Jennifer Pazienza finds deep inspiration on The Ridge.
by Maggie Estey
I stare at paintings all day, every day, and I’m sorry to admit that I can get ambivalent sometimes.
I was just a touch early for my meeting with Jennifer Pazienza. I did a quick walk-about in the Gallery Passage on the street level of the Fredericton Convention Centre, where the artist and art educator’s latest show, Rooted in Love, now hangs. It’s an exhibit of medium-large-to-very-large landscapes, and combination still-life-landscapes, inspired by Jennifer’s home surroundings in Keswick Ridge, 20 kilometres upstream from the city. I am the manager at Ingrid Mueller Art + Concepts, which represents Jennifer in Atlantic Canada.
I made sure the installation was intact – nothing crooked, no tags missing – and I perched on the bench on the Eastern wall to stare at my phone. I heard heels clicking and looked up to see a group of about five government employees about to sweep by, on their way to a meeting or something. I looked back down. The clicking stopped. I raised my head again. The women were arrested and suddenly agape a few feet away from me, in front of the epic Winter Sky 2.
Conceive of the sky. It is air and space above us. It is breath and expanse. Here were these professional women, drawn out of their routines, divinely distracted, silent but for their audible breathing before Winter Sky 2, as if they hadn’t seen the sky all winter, or possibly ever; as if there weren’t huge windows right behind them to show them the beautiful Spring day outside.
“Oh my God,” one of them sighed.
I stare at paintings all day every day, but now I was actually seeing Jennifer’s.
The work in Rooted in Love was completed between Spring of 2009 and Winter 2015, and shows a palpable range of emotions. From the daylight-super-nature Winter Sky 2, with its vaporous clouds and snapping blue, to the implied anxiety of Scurro, with its darker palette and borderline-frenetic streaks of earthy pastels. The space at FCC has turned out to be a sound space to house these emotions, running free and larger than life on their four-foot, six-foot, eight-foot canvases.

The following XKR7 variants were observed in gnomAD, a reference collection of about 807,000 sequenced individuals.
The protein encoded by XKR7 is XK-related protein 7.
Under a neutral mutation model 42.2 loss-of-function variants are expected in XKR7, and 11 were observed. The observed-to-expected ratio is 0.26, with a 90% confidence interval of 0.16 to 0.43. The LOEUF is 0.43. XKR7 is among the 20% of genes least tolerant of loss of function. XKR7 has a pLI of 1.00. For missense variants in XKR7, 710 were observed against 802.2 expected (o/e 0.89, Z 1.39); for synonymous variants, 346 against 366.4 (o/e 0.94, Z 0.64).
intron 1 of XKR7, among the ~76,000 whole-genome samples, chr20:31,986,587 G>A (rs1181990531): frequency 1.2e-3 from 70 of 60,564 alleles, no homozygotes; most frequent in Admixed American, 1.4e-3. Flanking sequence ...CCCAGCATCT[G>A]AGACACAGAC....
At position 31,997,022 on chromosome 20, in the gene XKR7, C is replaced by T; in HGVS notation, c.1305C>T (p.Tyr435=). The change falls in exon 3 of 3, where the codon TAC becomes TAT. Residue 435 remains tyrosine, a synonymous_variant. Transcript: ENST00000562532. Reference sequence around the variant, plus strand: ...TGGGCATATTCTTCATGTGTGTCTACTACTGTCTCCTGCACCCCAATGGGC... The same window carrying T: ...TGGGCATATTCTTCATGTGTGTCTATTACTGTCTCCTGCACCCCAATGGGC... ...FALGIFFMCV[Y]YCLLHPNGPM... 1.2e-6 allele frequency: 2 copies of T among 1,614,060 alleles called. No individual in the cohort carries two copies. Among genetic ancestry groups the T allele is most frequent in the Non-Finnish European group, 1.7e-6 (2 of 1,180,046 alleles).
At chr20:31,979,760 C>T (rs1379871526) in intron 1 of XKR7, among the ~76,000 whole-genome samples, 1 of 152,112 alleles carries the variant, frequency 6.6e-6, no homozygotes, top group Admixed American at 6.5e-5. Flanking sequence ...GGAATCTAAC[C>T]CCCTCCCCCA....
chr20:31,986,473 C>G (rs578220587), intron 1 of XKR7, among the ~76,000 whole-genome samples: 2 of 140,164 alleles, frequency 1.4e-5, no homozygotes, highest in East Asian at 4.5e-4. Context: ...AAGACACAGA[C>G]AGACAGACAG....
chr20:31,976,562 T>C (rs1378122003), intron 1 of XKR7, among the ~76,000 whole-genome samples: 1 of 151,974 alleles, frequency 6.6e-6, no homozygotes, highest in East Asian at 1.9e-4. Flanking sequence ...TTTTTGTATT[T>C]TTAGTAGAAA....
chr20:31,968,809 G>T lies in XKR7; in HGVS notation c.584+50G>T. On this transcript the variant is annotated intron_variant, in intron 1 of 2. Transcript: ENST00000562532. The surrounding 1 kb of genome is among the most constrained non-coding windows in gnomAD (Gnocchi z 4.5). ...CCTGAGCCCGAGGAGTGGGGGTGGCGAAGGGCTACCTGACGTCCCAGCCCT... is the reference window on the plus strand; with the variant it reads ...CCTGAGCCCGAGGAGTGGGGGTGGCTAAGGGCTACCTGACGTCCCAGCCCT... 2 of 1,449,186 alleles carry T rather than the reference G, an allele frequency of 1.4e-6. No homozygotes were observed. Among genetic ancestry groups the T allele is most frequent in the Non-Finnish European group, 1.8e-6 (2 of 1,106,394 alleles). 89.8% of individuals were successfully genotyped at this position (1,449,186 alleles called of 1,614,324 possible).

“The space is big enough for them,” Jennifer said. “There is air and there is light. This space confers a way of being on the paintings and there’s a way that people can engage with them here. They can get far enough back to see a whole work. They can get close to the work without alarms going off. The paintings can breathe here and people can breathe with them.”
Jennifer’s work is about space, and freedom and love, in a time when human life feels increasingly walled-in and building-centric; many of us feel that our houses or apartments are our sanctuaries, and that the greenish, fenced-in bit beyond the walls is just… exterior. A sort of limbo between the private and the public that we must shovel in the winter, mow in the summer, and rarely contemplate beyond that.
Jennifer’s own living space goes well beyond the physical structure that houses her cherished kitchen, and her spacious enviable studio with the high ceiling and ample windows. You never seem to hear her say, “I’m headed home” – it’s “I’m on my way back to The Ridge.” It’s a way of relating to one’s neighbourhood, for lack of a better term, that I have not encountered before, and I tell her that. The Ridge seems a pet name with her, The Ridge is like a person she lives with, just as bold a character in her day to day life as her husband, Gerry, or her dog, Mela. The Ridge is also the context for what she tends to paint.
Jennifer told me her strong, spiritual connection with the area was not instantaneous, but that the groundwork for it was laid in her first encounter with the house that would become her home in 1993, long before she retired last July from her position as a University of New Brunswick professor.
“We walked in, and I didn’t even want to look at Gerry,” she said. “I didn’t want to see that he was not as in love with the place as I was, because if I was in love with it and he wasn’t, I didn’t know what we were going to do.”
Thankfully Gerry was in love with it too, and they moved in that Spring. But the brush strokes in the first paintings she made in that house, surrounded by the bucolic beauty of The Ridge, are light and tentative, more like in a watercolour than her preferred oil paint. It turns out that Jennifer is not a person who just moves in and starts painting the place like she owns it. She cites Harvard professor Elaine Scarry’s On Beauty And Being Just, and says there is a permission that occurs between the painter and the land.
“Only slowly, because of looking and watching what was happening out there, a relationship ensued between that place and me.”
There is a patience and a faithfulness that is apparent to me in this approach.
I can identify similarities between Jennifer’s painting practice and a spiritual devotion. Jennifer said that is no coincidence.
“It’s yoga off the mat,” she said. “When I’m painting, everything else falls away. [The paintings] are like prayers, where I can show gratitude. The Ridge is as close to paradise as you can get. What a privilege it is to be doing this work.”
Rooted in Love continues at the Fredericton Convention Centre until Canada Day weekend. The Gallery Passage is open 8:30 a.m. to 5 p.m., Monday to Saturday.